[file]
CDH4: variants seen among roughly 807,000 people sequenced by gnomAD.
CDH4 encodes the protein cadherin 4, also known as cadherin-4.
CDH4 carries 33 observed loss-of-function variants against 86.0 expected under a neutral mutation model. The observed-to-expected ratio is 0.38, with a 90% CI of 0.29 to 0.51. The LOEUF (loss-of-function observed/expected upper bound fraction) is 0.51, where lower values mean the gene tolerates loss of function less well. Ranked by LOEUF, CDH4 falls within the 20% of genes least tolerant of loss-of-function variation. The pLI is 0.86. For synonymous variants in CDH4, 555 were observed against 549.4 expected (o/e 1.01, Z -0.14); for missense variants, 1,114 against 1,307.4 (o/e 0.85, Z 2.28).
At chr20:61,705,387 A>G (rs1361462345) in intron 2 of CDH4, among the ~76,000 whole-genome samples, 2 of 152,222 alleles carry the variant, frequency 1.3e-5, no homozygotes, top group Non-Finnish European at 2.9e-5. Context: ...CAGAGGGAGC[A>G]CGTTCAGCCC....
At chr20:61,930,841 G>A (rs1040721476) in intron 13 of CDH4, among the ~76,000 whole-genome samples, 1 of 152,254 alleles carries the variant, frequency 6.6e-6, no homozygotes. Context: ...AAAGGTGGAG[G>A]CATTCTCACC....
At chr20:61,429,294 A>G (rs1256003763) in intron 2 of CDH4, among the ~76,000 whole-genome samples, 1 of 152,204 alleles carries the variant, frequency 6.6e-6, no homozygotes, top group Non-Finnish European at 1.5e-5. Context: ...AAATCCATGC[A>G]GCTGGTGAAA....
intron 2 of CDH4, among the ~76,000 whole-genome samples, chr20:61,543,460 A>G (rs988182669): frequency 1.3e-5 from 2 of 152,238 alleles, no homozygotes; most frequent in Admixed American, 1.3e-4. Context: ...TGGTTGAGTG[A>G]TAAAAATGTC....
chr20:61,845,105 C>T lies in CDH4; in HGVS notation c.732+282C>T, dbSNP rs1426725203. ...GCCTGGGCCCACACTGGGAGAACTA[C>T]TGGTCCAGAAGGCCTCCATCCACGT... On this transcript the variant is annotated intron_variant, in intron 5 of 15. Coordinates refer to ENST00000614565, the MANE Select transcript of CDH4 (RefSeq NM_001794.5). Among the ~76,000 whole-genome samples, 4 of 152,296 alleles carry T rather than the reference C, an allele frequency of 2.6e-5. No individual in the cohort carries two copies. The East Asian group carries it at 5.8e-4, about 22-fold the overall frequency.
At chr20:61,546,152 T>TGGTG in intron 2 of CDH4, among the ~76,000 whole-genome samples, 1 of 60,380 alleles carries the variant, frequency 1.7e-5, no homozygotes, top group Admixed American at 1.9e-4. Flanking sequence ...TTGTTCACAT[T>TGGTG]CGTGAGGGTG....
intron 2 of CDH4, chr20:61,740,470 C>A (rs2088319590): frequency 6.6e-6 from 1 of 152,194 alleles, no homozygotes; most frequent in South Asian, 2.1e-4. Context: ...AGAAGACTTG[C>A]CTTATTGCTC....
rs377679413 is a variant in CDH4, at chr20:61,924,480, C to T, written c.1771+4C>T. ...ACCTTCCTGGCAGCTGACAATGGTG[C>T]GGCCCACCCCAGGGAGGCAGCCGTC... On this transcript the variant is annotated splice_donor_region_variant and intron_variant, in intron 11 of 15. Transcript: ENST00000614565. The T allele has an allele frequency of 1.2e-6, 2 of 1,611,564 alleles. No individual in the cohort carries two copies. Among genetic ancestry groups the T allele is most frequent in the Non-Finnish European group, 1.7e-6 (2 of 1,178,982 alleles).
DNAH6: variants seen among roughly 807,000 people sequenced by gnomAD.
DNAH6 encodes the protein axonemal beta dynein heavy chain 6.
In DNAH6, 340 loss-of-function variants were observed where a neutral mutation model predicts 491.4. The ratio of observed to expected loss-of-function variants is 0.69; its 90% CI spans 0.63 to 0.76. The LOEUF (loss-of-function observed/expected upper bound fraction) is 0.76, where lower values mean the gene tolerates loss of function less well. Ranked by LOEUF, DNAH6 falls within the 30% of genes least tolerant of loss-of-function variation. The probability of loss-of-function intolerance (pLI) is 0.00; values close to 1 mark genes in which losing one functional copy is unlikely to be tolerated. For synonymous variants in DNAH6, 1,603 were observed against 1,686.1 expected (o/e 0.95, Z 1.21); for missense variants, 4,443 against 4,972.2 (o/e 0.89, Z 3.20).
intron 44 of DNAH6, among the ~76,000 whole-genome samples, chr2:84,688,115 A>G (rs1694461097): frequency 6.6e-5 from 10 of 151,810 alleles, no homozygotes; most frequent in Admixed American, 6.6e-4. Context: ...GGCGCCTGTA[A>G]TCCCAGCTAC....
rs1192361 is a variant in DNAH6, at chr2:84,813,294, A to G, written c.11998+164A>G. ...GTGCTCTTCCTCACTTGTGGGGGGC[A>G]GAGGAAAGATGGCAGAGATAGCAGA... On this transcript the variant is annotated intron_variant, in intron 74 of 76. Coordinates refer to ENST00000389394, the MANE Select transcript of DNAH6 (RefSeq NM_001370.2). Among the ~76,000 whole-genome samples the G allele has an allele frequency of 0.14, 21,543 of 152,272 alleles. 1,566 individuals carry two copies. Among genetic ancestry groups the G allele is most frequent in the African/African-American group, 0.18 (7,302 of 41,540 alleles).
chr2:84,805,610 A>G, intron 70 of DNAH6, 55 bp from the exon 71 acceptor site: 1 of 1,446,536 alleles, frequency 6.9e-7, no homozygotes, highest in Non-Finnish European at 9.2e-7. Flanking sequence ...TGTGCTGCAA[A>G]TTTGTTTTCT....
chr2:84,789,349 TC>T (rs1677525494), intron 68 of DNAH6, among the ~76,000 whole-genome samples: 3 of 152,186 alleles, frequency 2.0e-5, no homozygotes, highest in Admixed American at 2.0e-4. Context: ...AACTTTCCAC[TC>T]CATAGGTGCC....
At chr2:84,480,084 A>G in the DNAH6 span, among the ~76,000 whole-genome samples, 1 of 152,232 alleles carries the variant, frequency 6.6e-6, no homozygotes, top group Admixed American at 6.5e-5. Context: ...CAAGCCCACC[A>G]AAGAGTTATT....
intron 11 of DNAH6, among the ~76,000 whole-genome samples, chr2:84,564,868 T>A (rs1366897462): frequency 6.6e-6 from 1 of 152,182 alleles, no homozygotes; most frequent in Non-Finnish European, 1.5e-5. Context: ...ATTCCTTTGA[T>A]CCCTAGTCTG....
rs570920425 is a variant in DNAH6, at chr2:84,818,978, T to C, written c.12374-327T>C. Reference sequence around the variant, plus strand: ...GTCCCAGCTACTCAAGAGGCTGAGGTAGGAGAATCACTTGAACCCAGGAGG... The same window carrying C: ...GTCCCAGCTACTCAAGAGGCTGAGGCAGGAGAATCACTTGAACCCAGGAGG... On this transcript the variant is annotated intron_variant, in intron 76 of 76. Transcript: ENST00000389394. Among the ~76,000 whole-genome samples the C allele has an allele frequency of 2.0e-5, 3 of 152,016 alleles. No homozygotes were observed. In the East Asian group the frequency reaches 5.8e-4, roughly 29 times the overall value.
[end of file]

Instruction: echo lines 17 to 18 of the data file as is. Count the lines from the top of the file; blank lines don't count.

chr2:84,805,610 A>G, intron 70 of DNAH6, 55 bp from the exon 71 acceptor site: 1 of 1,446,536 alleles, frequency 6.9e-7, no homozygotes, highest in Non-Finnish European at 9.2e-7. Flanking sequence ...TGTGCTGCAA[A>G]TTTGTTTTCT....
chr2:84,789,349 TC>T (rs1677525494), intron 68 of DNAH6, among the ~76,000 whole-genome samples: 3 of 152,186 alleles, frequency 2.0e-5, no homozygotes, highest in Admixed American at 2.0e-4. Context: ...AACTTTCCAC[TC>T]CATAGGTGCC....